In a 2009 ING online survey of 1,197 respondents, 44.5 percent of respondents said they were healthier than average and another 25.5 percent described their health as “excellent.” Meanwhile, 27.2 percent described their health as “average,” and only 2.9 percent in total described their health as “worse than average” or “very bad.”
Can these findings from psychology be applied to individuals’ investment behavior, potentially helping them to achieve better retirement outcomes? If people don’t like to think of themselves as average, what happens when someone shows them that they are average, or even below average, with respect to their retirement savings? This “social comparison” experiment is making its way into a number of industries, including the financial sector (see ING’s peer comparison tool, www.ingcompareme.com).
Understanding the many, varied, and often-interconnected biases, behaviors, and impulses that can drive investment behavior (or inaction) is a first step in helping individuals achieve more secure retirement outcomes. Deconstructing some behavioral finance insights can help us construct potential solutions.
Automatic defined contribution plan features—enrollment and contribution increase—can turn the tables on several identified obstacles to retirement investing:
- The consumer retains “control,” but exercising that control becomes the choice of whether to remain in the plan or to take active steps to leave it—also called “negative election.”
- Hyperbolic discounting may be overcome if the individual does not have to make a conscious decision to “sacrifice” a portion of pay to the plan.
- The potentially overwhelming information and actions required to join an employer-sponsored plan are eliminated.
- Procrastination and inertia may keep the individual from negatively electing out of the plan.
Information design and choice architecture can help individuals navigate the complex information that often accompanies financial products. Often there’s no choice in the amount or complexity of information that must be conveyed to investors and potential investors. Complex regulations often demand delivery of certain types and vehicles of information.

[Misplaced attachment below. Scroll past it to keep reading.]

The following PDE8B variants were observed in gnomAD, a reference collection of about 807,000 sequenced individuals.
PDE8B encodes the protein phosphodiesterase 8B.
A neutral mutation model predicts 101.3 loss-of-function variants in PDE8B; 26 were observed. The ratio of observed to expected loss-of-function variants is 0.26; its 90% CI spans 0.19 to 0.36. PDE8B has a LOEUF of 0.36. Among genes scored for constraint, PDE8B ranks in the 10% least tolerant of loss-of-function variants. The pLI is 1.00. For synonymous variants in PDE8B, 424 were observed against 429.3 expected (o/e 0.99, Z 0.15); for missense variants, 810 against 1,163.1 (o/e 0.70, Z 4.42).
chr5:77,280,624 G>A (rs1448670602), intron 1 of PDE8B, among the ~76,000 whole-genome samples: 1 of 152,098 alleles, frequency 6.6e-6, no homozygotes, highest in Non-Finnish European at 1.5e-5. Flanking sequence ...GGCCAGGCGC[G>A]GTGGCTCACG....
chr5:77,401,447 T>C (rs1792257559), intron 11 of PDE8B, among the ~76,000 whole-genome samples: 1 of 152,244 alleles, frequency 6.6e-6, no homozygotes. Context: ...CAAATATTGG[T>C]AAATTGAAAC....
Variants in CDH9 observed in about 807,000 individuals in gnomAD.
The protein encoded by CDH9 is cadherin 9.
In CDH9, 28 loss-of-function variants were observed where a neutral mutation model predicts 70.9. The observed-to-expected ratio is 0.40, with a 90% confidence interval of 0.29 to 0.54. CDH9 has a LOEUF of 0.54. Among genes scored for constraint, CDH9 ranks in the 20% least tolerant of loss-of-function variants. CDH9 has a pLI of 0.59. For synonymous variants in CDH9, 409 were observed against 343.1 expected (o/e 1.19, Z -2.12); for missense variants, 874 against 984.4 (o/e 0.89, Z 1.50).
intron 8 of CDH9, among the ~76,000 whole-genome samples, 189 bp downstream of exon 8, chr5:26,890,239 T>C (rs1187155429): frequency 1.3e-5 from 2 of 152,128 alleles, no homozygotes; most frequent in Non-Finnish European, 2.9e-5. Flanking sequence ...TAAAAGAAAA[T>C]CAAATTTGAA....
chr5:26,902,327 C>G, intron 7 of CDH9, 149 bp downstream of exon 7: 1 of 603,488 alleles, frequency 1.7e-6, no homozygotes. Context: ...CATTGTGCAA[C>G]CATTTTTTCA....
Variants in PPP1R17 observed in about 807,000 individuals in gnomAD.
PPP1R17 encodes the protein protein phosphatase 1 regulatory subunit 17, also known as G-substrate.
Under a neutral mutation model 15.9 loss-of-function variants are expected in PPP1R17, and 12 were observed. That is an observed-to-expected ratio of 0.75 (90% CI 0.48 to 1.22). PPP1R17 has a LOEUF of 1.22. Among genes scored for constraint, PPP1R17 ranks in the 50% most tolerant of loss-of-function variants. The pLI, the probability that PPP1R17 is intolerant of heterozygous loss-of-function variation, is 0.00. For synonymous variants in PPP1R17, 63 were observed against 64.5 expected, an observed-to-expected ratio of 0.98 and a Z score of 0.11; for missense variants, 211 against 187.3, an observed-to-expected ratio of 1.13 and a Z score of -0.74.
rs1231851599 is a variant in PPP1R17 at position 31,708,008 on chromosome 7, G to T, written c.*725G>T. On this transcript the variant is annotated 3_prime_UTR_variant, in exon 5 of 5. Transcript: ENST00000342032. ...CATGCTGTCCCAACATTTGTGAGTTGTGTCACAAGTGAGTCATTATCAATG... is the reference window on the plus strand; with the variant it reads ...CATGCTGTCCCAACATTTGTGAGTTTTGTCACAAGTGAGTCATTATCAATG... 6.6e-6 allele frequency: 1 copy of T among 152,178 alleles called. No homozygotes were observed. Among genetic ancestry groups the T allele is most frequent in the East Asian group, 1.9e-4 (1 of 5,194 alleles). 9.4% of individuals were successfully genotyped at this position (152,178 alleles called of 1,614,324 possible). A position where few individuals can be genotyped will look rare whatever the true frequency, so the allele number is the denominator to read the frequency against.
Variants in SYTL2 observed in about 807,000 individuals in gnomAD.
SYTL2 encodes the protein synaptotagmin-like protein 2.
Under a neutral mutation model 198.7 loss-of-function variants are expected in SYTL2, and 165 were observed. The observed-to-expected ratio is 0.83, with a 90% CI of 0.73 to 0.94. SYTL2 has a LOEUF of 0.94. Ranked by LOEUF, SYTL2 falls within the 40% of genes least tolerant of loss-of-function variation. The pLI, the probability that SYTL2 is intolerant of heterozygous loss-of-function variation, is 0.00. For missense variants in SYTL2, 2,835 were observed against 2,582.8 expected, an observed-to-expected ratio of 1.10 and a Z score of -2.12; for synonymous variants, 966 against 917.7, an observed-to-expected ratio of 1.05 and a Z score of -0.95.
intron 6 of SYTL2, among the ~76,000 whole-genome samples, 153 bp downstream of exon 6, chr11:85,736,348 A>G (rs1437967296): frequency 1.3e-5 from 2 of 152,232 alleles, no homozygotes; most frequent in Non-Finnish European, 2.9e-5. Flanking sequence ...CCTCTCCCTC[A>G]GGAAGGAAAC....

- Information layering and design can help to highlight key points and messages.
- Information and choices can be summarized using easily understandable and accessible language that overlays more technical communications.
- Choice architecture—how choices are presented—can play a role in helping individuals act and make decisions. “Either-or,” linear decision-making presentations can help simplify the complex.
Asset-allocated investment options can also play a role—offering individuals the flexibility to participate or not . . . and to change their minds, but removing the burdens of information and choice overload:
- Target date funds can offer a simple, goal-based solution for potentially confused investors overwhelmed by choice.
- Asset allocation funds can offer diversification to investors who may not want to make day-to-day decisions, and consequently removing tendencies to invest in the “familiar.”
- Managed accounts can offer highly personalized strategies with automatic adjustments based on personal circumstances:
Tools and engagement devices can help enable positive saving action:
- Simple risk assessment tools can help individuals who don’t want to give up investment control sort through their many options.
- Calculators can help self-directed individuals personalize their own strategies while visualizing the future benefits of starting early and contributing more.
- The use of games—a growing trend known as gamification—can increase engagement and build financial literacy by exposing consumer to fundamental investment concepts and terms through game play.
Just the Beginning
Human behavior is infinitely complex, even when the analysis is confined to financial matters. The concepts presented here represent only the very beginning to map the mind-sets of individuals planning for retirement.
As you look to improve your retirement picture, keep in mind that while your strategy will continue to be influenced by the market’s ups and down, the way you deal with change—emotionally—may be as important as anything else in helping you work toward a better and more secure retirement.
The ABA Retirement Funds, an affiliate of the ABA, is dedicated to helping lawyers with their retirement by providing fully bundled retirement solutions for law firms of all sizes. Established in 1963, the organization has nearly 3,800 plans, 37,000 participants, and more than $4 billion in assets in the ABA Retirement Funds Program (www.abaretirement.com).
This article is an adaptation of the ING Retirement Research Institute’s white paper entitled “Mapping the Mindset of the Retirement Consumer, Exploring the Interconnected Emotional Pathways That Affect Investing” (ing.us/rri/ing-studies/mapping-the-mindset).
ING Institutional Plan Services LLC, the Program’s Recordkeeper on behalf of ING Life Insurance and Annuity Company (ING), provides record keeping, communication, administration, and marketing services for the ABA Retirement Funds Program.